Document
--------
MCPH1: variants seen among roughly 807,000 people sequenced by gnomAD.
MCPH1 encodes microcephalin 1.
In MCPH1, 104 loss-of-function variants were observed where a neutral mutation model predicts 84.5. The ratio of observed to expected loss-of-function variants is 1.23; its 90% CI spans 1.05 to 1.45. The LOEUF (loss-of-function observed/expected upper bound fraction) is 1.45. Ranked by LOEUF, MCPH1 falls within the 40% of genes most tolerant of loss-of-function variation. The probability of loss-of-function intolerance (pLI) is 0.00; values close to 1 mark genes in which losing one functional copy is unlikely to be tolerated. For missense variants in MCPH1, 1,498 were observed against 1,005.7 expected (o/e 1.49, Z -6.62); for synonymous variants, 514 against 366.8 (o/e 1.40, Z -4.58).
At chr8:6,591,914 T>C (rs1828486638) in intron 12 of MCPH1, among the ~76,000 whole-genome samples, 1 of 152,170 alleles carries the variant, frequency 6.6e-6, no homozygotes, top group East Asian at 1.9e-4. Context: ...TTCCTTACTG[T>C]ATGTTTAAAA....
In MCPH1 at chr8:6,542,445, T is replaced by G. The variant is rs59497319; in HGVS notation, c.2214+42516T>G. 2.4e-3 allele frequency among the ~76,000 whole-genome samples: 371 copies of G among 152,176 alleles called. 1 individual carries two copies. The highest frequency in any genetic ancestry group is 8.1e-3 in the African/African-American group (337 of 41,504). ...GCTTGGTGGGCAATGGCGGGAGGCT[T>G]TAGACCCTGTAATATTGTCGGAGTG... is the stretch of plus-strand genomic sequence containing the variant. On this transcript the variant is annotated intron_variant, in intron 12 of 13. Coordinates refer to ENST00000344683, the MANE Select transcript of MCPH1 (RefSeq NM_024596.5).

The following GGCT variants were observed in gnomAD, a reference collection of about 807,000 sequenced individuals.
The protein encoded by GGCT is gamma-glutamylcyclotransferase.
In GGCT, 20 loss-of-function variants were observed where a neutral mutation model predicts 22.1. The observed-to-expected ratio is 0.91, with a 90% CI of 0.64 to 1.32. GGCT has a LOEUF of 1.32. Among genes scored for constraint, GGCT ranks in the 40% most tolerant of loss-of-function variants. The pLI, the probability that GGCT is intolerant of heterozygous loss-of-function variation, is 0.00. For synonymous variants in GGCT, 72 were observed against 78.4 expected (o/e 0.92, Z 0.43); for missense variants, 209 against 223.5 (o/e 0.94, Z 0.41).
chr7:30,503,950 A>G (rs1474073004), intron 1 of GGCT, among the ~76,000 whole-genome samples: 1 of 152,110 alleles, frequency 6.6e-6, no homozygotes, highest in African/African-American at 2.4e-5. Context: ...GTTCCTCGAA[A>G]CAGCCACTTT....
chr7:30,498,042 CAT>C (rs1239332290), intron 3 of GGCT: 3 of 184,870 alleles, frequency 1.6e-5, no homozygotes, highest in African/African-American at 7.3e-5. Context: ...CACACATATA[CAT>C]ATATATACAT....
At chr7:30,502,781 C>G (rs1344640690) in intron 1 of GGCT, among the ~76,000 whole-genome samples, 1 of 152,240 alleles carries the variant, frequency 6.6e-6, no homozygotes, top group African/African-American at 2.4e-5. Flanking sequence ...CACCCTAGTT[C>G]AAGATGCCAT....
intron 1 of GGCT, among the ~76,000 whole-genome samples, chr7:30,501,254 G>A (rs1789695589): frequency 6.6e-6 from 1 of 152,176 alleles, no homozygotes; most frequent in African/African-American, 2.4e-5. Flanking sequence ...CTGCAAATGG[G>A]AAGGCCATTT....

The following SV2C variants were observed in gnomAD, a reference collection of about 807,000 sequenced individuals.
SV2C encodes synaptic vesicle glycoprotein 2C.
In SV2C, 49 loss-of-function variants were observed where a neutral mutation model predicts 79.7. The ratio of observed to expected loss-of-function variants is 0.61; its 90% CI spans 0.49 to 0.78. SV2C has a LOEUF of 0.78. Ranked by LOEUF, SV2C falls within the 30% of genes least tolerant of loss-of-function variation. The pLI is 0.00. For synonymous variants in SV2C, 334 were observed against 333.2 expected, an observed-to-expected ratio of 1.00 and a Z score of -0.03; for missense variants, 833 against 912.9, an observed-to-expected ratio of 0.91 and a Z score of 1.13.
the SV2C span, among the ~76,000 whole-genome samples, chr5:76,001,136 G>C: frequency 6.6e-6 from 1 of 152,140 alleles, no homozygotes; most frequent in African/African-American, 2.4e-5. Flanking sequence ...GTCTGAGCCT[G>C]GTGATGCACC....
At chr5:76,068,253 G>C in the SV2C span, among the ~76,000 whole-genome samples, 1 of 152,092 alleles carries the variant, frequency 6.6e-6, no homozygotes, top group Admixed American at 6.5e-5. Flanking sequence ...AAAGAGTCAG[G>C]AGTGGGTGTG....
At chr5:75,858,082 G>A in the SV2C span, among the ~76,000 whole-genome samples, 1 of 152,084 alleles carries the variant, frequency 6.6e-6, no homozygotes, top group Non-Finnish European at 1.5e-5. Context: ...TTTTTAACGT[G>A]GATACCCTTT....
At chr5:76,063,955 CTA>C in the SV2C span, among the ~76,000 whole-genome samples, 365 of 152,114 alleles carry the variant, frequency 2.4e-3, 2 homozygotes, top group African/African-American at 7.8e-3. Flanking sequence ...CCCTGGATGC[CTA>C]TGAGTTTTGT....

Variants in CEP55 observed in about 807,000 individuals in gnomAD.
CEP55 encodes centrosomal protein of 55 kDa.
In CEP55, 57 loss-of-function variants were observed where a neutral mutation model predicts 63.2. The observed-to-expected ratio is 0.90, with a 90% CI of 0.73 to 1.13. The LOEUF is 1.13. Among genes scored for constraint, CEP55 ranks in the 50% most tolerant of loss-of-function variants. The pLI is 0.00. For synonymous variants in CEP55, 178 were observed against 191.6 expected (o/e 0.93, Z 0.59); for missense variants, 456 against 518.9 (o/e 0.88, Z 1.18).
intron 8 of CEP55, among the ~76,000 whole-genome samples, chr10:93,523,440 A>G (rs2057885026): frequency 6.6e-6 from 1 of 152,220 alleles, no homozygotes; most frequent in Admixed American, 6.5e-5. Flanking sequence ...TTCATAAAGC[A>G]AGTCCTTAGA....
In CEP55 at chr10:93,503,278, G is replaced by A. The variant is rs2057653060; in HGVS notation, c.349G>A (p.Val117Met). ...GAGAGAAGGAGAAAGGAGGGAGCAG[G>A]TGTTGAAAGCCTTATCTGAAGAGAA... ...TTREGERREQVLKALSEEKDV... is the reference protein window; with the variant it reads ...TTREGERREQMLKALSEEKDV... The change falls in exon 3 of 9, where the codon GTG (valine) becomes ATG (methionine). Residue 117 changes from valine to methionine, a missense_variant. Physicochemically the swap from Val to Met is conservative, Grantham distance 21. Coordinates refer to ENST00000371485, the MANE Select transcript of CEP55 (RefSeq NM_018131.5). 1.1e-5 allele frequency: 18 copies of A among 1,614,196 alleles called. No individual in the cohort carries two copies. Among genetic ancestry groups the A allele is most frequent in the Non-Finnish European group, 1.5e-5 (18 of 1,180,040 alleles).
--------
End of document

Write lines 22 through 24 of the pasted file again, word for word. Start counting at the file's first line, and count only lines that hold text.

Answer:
In CEP55, 57 loss-of-function variants were observed where a neutral mutation model predicts 63.2. The observed-to-expected ratio is 0.90, with a 90% CI of 0.73 to 1.13. The LOEUF is 1.13. Among genes scored for constraint, CEP55 ranks in the 50% most tolerant of loss-of-function variants. The pLI is 0.00. For synonymous variants in CEP55, 178 were observed against 191.6 expected (o/e 0.93, Z 0.59); for missense variants, 456 against 518.9 (o/e 0.88, Z 1.18).
intron 8 of CEP55, among the ~76,000 whole-genome samples, chr10:93,523,440 A>G (rs2057885026): frequency 6.6e-6 from 1 of 152,220 alleles, no homozygotes; most frequent in Admixed American, 6.5e-5. Flanking sequence ...TTCATAAAGC[A>G]AGTCCTTAGA....
In CEP55 at chr10:93,503,278, G is replaced by A. The variant is rs2057653060; in HGVS notation, c.349G>A (p.Val117Met). ...GAGAGAAGGAGAAAGGAGGGAGCAG[G>A]TGTTGAAAGCCTTATCTGAAGAGAA... ...TTREGERREQVLKALSEEKDV... is the reference protein window; with the variant it reads ...TTREGERREQMLKALSEEKDV... The change falls in exon 3 of 9, where the codon GTG (valine) becomes ATG (methionine). Residue 117 changes from valine to methionine, a missense_variant. Physicochemically the swap from Val to Met is conservative, Grantham distance 21. Coordinates refer to ENST00000371485, the MANE Select transcript of CEP55 (RefSeq NM_018131.5). 1.1e-5 allele frequency: 18 copies of A among 1,614,196 alleles called. No individual in the cohort carries two copies. Among genetic ancestry groups the A allele is most frequent in the Non-Finnish European group, 1.5e-5 (18 of 1,180,040 alleles).